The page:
Biosecurity, by simple definition, is a set of procedures undertaken to limit the spread of infectious pathogens to a susceptible population. It is, however, more than that. Biosecurity is a mindset, a way of assessing and reacting to potential risks. And it is the right mindset combined with the right procedures that will guard your hatchery against biosecurity threats.
By Petersime Hatchery Specialist Team
Develop a biosecurity mindset at the hatchery
In successful hatchery operations, everything starts with biosecurity. There are procedures and protocols that need to be followed. But, in fact, biosecurity is more than that. It is a mindset, not just a series of actions. Fostering a biosecurity culture is important to its long-term success. Every employee in the hatchery needs to understand why strong biosecurity procedures are critical to the hatchery’s success. When hatchery staff members know the underlying importance, they are likely to be more engaged in how they can take specific actions. The recent, widespread COVID-19 pandemic has all helped us to understand this better: it is about the determination to do the right thing in order to protect people, livestock, etc.
Four risk factors
To establish an efficient and effective biosecurity procedure, it makes sense to invest in the highest risks that are within your control. For this reason, we will look at four vectors that can bring pathogens into your operations. Once you know what the vectors – or risk factors – are, you can take appropriate measures to limit the chance of introduction into your hatchery:
1. Incoming eggs
A first ‘threat’ is in the eggs coming from the farm. Some diseases can be transmitted to the egg whilst it is still in development within the oviduct. This kind of transmission is called ‘true vertical transmission’. Weekly testing of breeder flocks can alert you to such diseases. This allows you to pull eggs from a flock that may be infected, prior to transferring them to a hatcher, as once the birds start hatching, they can start spreading the disease.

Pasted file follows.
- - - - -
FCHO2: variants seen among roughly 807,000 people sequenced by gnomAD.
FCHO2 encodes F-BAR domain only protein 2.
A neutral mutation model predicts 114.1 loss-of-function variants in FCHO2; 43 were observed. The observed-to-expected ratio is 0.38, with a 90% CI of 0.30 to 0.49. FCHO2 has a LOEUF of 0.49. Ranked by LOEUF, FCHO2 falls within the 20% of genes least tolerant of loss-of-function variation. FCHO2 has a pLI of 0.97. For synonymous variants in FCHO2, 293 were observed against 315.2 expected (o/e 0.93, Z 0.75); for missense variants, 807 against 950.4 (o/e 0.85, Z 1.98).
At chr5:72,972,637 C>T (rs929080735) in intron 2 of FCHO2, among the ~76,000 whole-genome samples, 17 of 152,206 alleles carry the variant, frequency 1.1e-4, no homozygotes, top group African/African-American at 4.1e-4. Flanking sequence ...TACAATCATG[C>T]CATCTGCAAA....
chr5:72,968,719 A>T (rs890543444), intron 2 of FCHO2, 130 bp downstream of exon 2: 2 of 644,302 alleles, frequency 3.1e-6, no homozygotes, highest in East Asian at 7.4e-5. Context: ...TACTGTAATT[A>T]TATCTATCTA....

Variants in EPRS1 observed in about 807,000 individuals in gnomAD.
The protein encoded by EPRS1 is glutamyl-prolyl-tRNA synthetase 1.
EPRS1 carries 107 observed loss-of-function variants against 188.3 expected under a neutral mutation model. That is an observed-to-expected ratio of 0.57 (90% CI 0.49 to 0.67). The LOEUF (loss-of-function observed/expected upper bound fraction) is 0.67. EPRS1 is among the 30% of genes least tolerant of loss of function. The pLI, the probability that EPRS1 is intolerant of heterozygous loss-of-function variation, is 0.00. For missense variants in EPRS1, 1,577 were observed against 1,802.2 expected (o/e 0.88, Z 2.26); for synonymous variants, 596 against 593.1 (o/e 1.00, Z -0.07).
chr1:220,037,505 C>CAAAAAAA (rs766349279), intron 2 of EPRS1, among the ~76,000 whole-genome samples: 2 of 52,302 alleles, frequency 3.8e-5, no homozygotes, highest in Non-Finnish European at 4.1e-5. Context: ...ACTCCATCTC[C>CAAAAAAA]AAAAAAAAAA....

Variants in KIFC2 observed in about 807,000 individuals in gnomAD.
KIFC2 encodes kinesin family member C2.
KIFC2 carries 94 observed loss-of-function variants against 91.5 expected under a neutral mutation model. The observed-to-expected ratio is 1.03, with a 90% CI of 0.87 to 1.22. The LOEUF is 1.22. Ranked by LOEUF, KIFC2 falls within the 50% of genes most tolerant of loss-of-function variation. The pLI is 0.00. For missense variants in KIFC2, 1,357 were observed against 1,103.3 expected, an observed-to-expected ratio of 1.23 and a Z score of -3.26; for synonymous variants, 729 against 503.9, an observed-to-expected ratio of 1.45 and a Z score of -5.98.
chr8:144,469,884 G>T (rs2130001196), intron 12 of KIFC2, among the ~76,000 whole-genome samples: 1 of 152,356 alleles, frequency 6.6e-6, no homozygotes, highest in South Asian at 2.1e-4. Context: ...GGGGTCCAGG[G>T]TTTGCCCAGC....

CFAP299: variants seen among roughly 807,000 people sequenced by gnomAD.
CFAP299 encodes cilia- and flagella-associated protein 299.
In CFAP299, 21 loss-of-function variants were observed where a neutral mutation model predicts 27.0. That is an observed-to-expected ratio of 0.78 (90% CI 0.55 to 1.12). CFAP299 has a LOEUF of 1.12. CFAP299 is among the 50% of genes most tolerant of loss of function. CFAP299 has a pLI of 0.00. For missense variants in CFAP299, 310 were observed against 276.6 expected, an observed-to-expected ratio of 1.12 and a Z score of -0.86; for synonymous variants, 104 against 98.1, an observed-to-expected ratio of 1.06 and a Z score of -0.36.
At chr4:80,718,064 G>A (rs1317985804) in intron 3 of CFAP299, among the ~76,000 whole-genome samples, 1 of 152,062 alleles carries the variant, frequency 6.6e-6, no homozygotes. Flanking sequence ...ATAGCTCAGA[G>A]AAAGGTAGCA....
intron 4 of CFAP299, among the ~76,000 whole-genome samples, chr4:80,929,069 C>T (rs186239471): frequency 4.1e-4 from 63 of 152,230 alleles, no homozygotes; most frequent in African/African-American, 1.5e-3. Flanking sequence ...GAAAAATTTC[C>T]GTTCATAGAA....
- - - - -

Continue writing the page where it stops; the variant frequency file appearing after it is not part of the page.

‘Apparent vertical transmission’ is contamination on the surface of the egg. Soiled eggs should never come into the hatchery, as they contain a huge bacterial and viral threat. Also, any faecal matter or feathers on the surface of the eggs can be drawn into egg transfer heads, which can lead to cross-contamination of other A-grade eggs. This is why only clean nest eggs should be used and an early fumigation should be done on the farm to reduce bacterial levels.
People are a high-risk factor in spreading disease from one location to another. To prevent this from happening, you can introduce a few simple, yet very effective practices into your hatchery:
3. Site access
Proper measures are needed to prevent unauthorised access to the hatchery and ensure adequate biosecurity control on site:
A barrier shower eliminates re-contamination of dedicated clothing.
4. Other animals
All other animals (apart from avian species) also form a risk of disease introduction. Fortunately, most of these animals can easily be prevented from entering. The greatest threats are rodents and wild birds:
COVID-19: some common-sense precautions
Health experts are predicting that the COVID-19 pandemic will have an ongoing global impact. That is why it is advisable to take following common-sense precautions on top of your standard (biosecurity) procedures:
It is vital that you ensure all your staff members know and follow the biosecurity procedures issued for your hatchery, and, even more importantly, understand the underlying importance of these procedures. It is the right mindset combined with the right procedures that will guard your hatchery against biosecurity threats.
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